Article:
A "WORKING draft proposal" containing a provision that will give the people an option to either retain or scrap the 2007 elections has been adopted by a committee at the House of Representatives tasked to study proposed amendments to the 1987 Charter.
Voting 29-10, the committee on constitutional amendments agreed on Tuesday to adopt its 36 pages of proposed Charter amendments and a page of transitory provisions containing the "no-election" scenario as an option.
The committee proposals also include:
• Extending the three-year term of legislators to five years;
• Allowing the incumbent President to continue as Chief Executive and exercise the same powers under an interim parliament "except those to be delegated to a Prime Minister who shall serve as chief operating officer of the government, conformably with the parliamentary system."
This is contrary to the committee's original approved amendments by the committee where the President will serve as concurrent Prime Minister under an interim parliament.
• Making incumbent members of Congress automatic members of the parliament until their terms end in June 30, 2007 or until the first elections for members of parliament are held in May 2007.
• Allowing senators elected in May 2004 to continue to serve as members of parliament until June 2010.
• Enabling the incumbent Vice President to automatically become a member of parliament and the presiding officer "for the immediate election
of the Prime Minister."Lakas lawmakers want six senators penalized
IRATE congressmen moved yesterday to impose sanctions on Lakas senators who snubbed the party’s Jan. 14 national directorate meeting to discuss amendments to the 1987 Constitution.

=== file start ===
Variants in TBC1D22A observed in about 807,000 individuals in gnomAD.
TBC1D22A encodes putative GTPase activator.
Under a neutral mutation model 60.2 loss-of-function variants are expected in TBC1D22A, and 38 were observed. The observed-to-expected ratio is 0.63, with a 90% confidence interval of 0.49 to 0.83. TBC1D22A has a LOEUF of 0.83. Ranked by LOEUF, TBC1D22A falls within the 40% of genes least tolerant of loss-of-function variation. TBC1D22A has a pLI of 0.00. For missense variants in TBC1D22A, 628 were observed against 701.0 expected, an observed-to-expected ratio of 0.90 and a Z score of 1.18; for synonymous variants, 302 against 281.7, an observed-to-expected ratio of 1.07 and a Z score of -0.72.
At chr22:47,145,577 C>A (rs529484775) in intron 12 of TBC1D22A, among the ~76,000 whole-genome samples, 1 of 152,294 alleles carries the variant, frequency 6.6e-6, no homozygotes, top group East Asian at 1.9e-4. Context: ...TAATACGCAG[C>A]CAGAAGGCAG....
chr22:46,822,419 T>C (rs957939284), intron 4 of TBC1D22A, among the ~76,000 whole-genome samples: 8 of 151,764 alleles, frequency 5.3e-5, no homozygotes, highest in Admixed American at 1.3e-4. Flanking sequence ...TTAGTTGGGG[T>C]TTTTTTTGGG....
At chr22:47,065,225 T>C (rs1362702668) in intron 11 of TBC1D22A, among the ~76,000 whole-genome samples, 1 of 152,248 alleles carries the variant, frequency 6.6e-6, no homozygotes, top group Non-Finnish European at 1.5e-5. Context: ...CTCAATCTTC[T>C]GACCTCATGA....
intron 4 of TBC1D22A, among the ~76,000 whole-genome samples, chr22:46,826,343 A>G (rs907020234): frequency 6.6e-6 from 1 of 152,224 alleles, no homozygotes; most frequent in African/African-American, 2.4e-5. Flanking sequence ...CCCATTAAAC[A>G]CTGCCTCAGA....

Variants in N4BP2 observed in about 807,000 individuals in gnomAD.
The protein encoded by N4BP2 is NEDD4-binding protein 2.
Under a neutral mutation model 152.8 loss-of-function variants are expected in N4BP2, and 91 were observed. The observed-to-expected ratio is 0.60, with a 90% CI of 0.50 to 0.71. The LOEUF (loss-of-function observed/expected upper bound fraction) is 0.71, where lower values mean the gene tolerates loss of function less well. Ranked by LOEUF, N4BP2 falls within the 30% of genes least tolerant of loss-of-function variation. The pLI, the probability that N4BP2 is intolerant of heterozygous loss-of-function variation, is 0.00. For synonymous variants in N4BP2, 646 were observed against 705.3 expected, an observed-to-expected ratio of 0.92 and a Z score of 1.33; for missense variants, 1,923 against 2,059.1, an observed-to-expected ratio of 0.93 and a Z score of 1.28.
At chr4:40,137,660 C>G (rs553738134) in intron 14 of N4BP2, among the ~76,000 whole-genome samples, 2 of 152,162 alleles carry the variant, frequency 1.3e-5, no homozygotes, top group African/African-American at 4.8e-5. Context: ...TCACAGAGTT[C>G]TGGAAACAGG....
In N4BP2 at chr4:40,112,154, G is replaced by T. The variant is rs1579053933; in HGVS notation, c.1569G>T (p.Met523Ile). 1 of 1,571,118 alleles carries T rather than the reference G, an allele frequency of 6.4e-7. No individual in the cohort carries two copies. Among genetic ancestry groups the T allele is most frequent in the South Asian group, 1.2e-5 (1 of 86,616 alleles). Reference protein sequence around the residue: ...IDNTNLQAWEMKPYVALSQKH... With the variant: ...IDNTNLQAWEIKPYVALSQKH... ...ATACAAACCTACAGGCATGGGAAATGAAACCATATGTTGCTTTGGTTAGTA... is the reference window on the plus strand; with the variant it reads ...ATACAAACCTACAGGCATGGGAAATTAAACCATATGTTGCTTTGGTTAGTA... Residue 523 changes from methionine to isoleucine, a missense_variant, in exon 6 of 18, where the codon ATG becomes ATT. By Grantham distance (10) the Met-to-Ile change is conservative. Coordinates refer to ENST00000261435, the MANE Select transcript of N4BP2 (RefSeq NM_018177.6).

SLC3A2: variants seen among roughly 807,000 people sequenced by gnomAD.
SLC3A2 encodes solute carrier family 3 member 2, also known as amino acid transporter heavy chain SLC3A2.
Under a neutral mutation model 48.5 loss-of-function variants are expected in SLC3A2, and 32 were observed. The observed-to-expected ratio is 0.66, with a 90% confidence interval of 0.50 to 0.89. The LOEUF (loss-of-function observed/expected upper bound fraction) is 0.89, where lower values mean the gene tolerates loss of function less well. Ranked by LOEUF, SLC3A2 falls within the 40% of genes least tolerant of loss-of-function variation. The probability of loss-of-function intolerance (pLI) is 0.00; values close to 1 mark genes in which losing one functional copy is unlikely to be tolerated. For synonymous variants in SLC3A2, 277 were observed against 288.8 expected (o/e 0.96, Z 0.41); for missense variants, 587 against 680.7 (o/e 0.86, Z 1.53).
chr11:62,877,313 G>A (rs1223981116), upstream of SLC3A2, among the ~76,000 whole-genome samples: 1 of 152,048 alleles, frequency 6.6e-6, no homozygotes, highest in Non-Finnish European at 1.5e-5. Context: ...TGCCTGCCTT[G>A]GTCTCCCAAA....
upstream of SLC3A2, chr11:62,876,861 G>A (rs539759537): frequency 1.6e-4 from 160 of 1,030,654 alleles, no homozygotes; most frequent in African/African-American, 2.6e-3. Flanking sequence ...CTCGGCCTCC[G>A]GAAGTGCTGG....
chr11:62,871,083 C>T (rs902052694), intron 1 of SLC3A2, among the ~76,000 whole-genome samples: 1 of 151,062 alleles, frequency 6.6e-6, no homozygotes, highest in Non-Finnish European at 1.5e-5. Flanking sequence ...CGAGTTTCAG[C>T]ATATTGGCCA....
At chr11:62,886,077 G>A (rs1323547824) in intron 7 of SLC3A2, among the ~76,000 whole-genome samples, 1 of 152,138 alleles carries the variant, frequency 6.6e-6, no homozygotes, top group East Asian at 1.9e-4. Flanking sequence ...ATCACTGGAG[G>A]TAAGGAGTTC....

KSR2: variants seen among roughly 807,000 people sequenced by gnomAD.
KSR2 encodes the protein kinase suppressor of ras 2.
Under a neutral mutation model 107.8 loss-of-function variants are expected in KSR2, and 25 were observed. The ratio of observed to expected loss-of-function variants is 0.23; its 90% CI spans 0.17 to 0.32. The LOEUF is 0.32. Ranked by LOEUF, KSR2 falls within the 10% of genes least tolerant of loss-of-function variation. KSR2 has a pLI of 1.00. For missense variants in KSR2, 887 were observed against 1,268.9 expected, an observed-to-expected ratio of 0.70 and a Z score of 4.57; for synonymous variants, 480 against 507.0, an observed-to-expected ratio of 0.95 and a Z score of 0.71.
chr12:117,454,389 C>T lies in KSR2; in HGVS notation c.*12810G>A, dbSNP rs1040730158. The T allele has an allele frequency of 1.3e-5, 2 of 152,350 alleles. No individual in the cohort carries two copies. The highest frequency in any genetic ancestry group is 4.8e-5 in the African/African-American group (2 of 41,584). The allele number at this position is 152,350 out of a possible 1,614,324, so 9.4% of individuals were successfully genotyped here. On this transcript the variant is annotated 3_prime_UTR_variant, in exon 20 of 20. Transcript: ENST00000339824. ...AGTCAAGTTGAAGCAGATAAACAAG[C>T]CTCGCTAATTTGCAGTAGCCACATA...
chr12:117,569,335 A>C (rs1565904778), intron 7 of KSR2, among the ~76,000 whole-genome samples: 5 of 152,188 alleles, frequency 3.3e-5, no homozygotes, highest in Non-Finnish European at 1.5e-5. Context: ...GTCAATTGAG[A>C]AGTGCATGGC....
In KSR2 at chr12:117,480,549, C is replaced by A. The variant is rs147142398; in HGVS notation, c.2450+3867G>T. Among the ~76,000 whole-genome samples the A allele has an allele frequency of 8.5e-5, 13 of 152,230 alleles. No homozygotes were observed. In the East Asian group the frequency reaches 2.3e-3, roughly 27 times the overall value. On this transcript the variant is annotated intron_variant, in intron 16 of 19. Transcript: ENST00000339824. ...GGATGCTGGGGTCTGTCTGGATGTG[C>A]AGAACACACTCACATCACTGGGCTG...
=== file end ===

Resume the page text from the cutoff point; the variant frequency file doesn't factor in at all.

The move to punish the senators came from Lakas congressmen who said party leaders have the obligation to attend important meetings to help resolve controversial issues such as the proposed Charter amendments and a recommendation to scrub the 2007 elections.
An infuriated Negros Occidental Rep. Monico Puentevella criticized the absentee Lakas senators for acting as if they didn’t care about the party, after benefiting from their affiliation with it.
Puentevella reminded Lakas Senators Juan Flavier, Pia Cayetano, Ramon Magsaysay Jr., Richard Gordon, Ramon Revilla Jr. and Lito Lapid about their responsibility to the administration party, which helped them get elected.
“After you won, (you say) goodbye? Where is the decency here?” Puentevella said, addressing himself to the senators on the ANC News Channel. “You should be ashamed.”
SC sets hearing on suit vs EO 464
The Supreme Court has set for Feb. 21 the oral argument on the petition filed by various groups led by Bayan Muna to declare President Arroyo’s controversial Executive Order No. 464 unconstitutional.
In an en banc resolution, the High Tribunal set the oral argument for 1 p.m.
The SC had earlier consolidated the petition for certiorari filed by party-list Reps. Satur Ocampo, Reynaldo Lesaca Jr., Rafael Mariano, Liza Maza, Teodoro Casiño, Joel Virador, the government employees’ group Courage and the Counsels for the Defense of Liberties (CODAL) with a similar petition filed by lawyer Francisco Chavez seeking the issuance of a temporary restraining order on the implementation of EO 464.
The party-list congressmen said EO 464, an order issued by Mrs. Arroyo requiring Cabinet members and officials of the Armed Forces of the Philippines (AFP) and the Philippine National Police (PNP) to get the President’s permission before appearing in any congressional investigations, is unconstitutional and smacked of dictatorship.
"EO 464 is intended to hide facts which may lead to more questions on Mrs. Arroyo’s illegitimate mandate and corrupt practices. By virtue of this presidential fiat, the Executive department arrogated unto itself the power to make itself immune from the oversight functions of Congress," the petitioners said.
They claim that EO 464 suppresses civil liberties, making Mrs. Arroyo worse than the late strongman Ferdinand Marcos. The order also curtails "the people’s right to information and access to public documents and public officials," they said.